Games Before Their Time

What are some games that would have been better if not for technical limitations?

Hard to say, most games don’t overscope that much. It’s easier to look at how games evolved as technology got better to allow for them. Like, before a certain technological point, certain genres of game simply weren’t possible. For example, there weren’t any twin stick shooters on the N64 or any system before it. I think it’s almost always possible to make a good game within the technological limitations you’re operating under, but making a specific type of game might not be possible. And I think if the game was made before the right tech existed, then it’s just too bad for that particular game.

I think the Atari 2600 was too primitive to really allow for a lot of games. I played the ports of Pacman and Donkey Kong and they were really sad honestly. I was however supremely impressed by Sky Diver, which I’ve mentioned before. It goes to show that you can do a lot with only controlling the position of a sprite on-screen. This talk goes over a few other Atari games that are actually fairly well designed, but most were pretty crap.

Marble Madness had a lot of cutbacks due to technical limitations, though it probably worked out for the best in the end in this particular case.

Early RTS were hacked together like no one’s business and it’s a miracle they worked as well as they did. You couldn’t do things like pull workers off mining if they were in danger. You couldn’t select multiple units originally.
http://www.codeofhonor.com/blog/the-making-of-warcraft-part-1
http://www.codeofhonor.com/blog/the-making-of-warcraft-part-2
http://www.codeofhonor.com/blog/the-making-of-warcraft-part-3
http://www.codeofhonor.com/blog/tough-times-on-the-road-to-starcraft
http://www.codeofhonor.com/blog/the-starcraft-path-finding-hack

Crysis had a lot of its AI functionalities cut out in development. It was originally intended to be squad based
http://aigamedev.com/open/review/crysis-animation-integration/
Crysis 2 couldn’t get the large crysis 1 style maps working on console, so it became a corridor shooter.

Thi4f and Deadly Shadows removed or limited rope arrows because otherwise you’d go too high and draw too much stuff at once and it would break consoles (earlier games had it, but they really wanted the improved visuals). Both games also interrupted levels with loading zones.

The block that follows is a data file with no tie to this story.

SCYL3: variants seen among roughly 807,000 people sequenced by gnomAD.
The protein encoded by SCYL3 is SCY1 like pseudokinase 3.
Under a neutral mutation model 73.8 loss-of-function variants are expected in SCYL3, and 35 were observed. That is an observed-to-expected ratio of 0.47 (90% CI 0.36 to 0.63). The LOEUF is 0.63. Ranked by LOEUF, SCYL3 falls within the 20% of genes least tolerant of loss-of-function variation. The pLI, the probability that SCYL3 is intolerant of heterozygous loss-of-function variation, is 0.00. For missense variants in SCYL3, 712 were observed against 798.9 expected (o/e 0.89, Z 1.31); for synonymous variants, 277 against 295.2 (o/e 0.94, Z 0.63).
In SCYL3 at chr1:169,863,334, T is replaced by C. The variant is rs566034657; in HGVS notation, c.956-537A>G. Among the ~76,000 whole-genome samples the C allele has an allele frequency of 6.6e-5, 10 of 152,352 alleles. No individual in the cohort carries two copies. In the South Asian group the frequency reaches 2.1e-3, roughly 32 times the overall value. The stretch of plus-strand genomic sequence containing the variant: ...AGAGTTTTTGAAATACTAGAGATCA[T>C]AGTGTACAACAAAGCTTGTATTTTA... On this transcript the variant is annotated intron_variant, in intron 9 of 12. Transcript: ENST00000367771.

Dial-up Era netcode wasn’t really up to snuff for its time for the few early games that had netplay at all. It was the future, but it really wasn’t there yet.

Obviously anything 3d had to wait for better graphics processors. I’m amazed they got Wolfenstein working on SNES frankly.

A lot of PS1 games really needed analog sticks. Megaman Legends is the standout, it tried to make a 3rd person shooter on a system with no analog sticks when realistically you really need dual analog for that. I think Mario Sunshine arguably could have pulled this off too, but it was just a bit too early and they hadn’t figured out the 3rd person shooting control paradigm yet. Metroid Prime did amazingly well for its lack of dual analog controls and Metroid Prime Trilogy managed to make an implementation of a similar control scheme work with free pointer aiming.

N64 games also suffered from a lack of dual analog. I think Zelda would have been better if they went with a fixed camera solution, or a fixed viewpoint like LttP or the later Ys games. I think 3d Mario has had a weird backwards evolution. If they were more realistic then they probably would have started with fixed isometric cameras, then moved up to free-cams. Instead they did a free camera first, then moved to an auto-panning-cam with galaxy, then a fixed isometric camera in 3d world. Seems like they’re finally returning to free cams with Odyssey, which makes sense.

DMC would have benefited from the smooth panning cameras of God of War.

Dishonored cut dynamic lighting for baked shadows. Baked shadows limit a lot of games, because you can’t move very much once you choose to use them. This also meant no water arrows or light/shadow based stealth, which they had already nixed.